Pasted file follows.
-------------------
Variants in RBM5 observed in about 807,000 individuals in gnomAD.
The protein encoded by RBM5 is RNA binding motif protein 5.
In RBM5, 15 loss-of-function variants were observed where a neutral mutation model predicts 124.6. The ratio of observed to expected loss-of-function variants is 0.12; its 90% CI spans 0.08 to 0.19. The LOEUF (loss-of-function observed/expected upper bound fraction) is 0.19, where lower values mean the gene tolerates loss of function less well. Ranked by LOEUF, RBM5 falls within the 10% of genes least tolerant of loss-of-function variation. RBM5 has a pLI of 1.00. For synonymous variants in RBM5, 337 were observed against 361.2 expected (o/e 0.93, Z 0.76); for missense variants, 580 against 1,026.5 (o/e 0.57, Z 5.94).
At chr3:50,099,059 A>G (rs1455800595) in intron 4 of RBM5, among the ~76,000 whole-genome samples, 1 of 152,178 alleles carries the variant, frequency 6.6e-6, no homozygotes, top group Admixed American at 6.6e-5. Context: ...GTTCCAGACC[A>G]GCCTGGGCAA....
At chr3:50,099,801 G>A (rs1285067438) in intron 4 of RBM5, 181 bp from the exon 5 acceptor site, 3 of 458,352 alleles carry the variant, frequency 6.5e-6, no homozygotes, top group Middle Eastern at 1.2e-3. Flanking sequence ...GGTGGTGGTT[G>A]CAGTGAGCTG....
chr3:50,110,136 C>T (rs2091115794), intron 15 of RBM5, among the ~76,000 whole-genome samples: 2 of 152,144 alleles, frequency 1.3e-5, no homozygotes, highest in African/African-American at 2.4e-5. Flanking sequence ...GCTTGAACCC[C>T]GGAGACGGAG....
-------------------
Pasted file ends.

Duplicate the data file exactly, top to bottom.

Variants in RBM5 observed in about 807,000 individuals in gnomAD.
The protein encoded by RBM5 is RNA binding motif protein 5.
In RBM5, 15 loss-of-function variants were observed where a neutral mutation model predicts 124.6. The ratio of observed to expected loss-of-function variants is 0.12; its 90% CI spans 0.08 to 0.19. The LOEUF (loss-of-function observed/expected upper bound fraction) is 0.19, where lower values mean the gene tolerates loss of function less well. Ranked by LOEUF, RBM5 falls within the 10% of genes least tolerant of loss-of-function variation. RBM5 has a pLI of 1.00. For synonymous variants in RBM5, 337 were observed against 361.2 expected (o/e 0.93, Z 0.76); for missense variants, 580 against 1,026.5 (o/e 0.57, Z 5.94).
At chr3:50,099,059 A>G (rs1455800595) in intron 4 of RBM5, among the ~76,000 whole-genome samples, 1 of 152,178 alleles carries the variant, frequency 6.6e-6, no homozygotes, top group Admixed American at 6.6e-5. Context: ...GTTCCAGACC[A>G]GCCTGGGCAA....
At chr3:50,099,801 G>A (rs1285067438) in intron 4 of RBM5, 181 bp from the exon 5 acceptor site, 3 of 458,352 alleles carry the variant, frequency 6.5e-6, no homozygotes, top group Middle Eastern at 1.2e-3. Flanking sequence ...GGTGGTGGTT[G>A]CAGTGAGCTG....
chr3:50,110,136 C>T (rs2091115794), intron 15 of RBM5, among the ~76,000 whole-genome samples: 2 of 152,144 alleles, frequency 1.3e-5, no homozygotes, highest in African/African-American at 2.4e-5. Flanking sequence ...GCTTGAACCC[C>T]GGAGACGGAG....